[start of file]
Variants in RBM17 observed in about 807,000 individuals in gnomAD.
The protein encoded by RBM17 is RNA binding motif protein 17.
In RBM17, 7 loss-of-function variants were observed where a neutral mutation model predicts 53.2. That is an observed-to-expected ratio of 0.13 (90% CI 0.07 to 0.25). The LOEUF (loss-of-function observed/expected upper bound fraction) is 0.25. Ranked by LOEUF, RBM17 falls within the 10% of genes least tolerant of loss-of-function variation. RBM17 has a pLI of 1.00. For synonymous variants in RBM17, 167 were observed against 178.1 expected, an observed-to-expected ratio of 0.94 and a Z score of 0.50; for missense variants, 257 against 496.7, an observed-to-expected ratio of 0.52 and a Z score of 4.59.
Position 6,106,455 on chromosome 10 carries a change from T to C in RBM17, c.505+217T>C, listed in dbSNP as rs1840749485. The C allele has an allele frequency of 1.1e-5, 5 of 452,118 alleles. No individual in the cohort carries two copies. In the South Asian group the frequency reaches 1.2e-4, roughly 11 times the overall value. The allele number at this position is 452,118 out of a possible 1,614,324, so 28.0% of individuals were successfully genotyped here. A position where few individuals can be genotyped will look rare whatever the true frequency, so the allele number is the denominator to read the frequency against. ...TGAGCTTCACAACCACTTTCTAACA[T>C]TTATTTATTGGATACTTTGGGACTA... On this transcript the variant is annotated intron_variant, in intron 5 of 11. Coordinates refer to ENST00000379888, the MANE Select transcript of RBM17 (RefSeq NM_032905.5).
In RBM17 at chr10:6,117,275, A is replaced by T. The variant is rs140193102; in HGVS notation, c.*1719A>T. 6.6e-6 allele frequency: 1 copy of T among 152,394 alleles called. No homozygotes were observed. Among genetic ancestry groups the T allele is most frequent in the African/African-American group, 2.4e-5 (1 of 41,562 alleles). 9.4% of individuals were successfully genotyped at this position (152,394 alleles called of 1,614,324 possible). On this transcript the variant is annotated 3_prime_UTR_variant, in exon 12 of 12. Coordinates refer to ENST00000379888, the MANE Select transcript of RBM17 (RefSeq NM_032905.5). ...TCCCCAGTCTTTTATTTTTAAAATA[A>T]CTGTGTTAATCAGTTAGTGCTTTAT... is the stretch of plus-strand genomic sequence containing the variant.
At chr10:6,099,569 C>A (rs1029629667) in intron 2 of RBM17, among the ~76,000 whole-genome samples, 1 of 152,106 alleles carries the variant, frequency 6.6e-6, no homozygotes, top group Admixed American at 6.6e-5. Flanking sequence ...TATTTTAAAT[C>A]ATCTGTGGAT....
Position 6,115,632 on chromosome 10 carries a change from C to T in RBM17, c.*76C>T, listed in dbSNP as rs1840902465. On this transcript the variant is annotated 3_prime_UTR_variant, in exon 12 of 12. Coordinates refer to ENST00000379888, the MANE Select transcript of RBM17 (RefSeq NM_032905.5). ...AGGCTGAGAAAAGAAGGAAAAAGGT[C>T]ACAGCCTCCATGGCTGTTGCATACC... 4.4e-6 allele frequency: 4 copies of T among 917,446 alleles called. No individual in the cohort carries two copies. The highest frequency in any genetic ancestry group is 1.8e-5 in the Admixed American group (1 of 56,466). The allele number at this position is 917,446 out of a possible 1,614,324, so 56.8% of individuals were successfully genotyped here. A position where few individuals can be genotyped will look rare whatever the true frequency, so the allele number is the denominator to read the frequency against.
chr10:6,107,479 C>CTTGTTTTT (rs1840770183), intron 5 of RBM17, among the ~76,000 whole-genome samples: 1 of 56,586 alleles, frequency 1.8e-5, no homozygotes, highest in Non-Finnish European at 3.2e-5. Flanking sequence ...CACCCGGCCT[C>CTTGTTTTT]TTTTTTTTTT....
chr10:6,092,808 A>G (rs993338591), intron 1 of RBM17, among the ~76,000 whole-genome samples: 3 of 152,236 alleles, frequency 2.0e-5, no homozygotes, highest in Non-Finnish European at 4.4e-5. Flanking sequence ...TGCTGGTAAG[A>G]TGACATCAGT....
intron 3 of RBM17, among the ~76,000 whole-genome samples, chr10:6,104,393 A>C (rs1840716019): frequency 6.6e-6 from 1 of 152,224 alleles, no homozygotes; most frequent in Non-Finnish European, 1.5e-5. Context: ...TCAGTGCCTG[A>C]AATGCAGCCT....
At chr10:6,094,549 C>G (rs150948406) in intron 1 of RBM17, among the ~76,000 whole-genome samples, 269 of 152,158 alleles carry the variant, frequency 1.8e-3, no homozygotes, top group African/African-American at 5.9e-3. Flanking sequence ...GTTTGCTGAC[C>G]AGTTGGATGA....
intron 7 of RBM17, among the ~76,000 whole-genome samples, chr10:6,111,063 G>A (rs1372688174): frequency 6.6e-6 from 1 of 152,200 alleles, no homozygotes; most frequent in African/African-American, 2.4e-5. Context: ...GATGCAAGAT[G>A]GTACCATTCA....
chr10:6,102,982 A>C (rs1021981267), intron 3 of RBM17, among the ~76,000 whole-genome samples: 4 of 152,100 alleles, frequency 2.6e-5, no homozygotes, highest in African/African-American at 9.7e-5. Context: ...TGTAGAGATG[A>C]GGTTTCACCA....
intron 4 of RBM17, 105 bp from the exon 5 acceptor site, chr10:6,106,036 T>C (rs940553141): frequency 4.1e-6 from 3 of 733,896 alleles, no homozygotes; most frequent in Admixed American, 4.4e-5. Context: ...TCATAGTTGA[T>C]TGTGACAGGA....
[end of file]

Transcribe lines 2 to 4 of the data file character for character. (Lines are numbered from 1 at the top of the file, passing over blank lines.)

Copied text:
The protein encoded by RBM17 is RNA binding motif protein 17.
In RBM17, 7 loss-of-function variants were observed where a neutral mutation model predicts 53.2. That is an observed-to-expected ratio of 0.13 (90% CI 0.07 to 0.25). The LOEUF (loss-of-function observed/expected upper bound fraction) is 0.25. Ranked by LOEUF, RBM17 falls within the 10% of genes least tolerant of loss-of-function variation. RBM17 has a pLI of 1.00. For synonymous variants in RBM17, 167 were observed against 178.1 expected, an observed-to-expected ratio of 0.94 and a Z score of 0.50; for missense variants, 257 against 496.7, an observed-to-expected ratio of 0.52 and a Z score of 4.59.
Position 6,106,455 on chromosome 10 carries a change from T to C in RBM17, c.505+217T>C, listed in dbSNP as rs1840749485. The C allele has an allele frequency of 1.1e-5, 5 of 452,118 alleles. No individual in the cohort carries two copies. In the South Asian group the frequency reaches 1.2e-4, roughly 11 times the overall value. The allele number at this position is 452,118 out of a possible 1,614,324, so 28.0% of individuals were successfully genotyped here. A position where few individuals can be genotyped will look rare whatever the true frequency, so the allele number is the denominator to read the frequency against. ...TGAGCTTCACAACCACTTTCTAACA[T>C]TTATTTATTGGATACTTTGGGACTA... On this transcript the variant is annotated intron_variant, in intron 5 of 11. Coordinates refer to ENST00000379888, the MANE Select transcript of RBM17 (RefSeq NM_032905.5).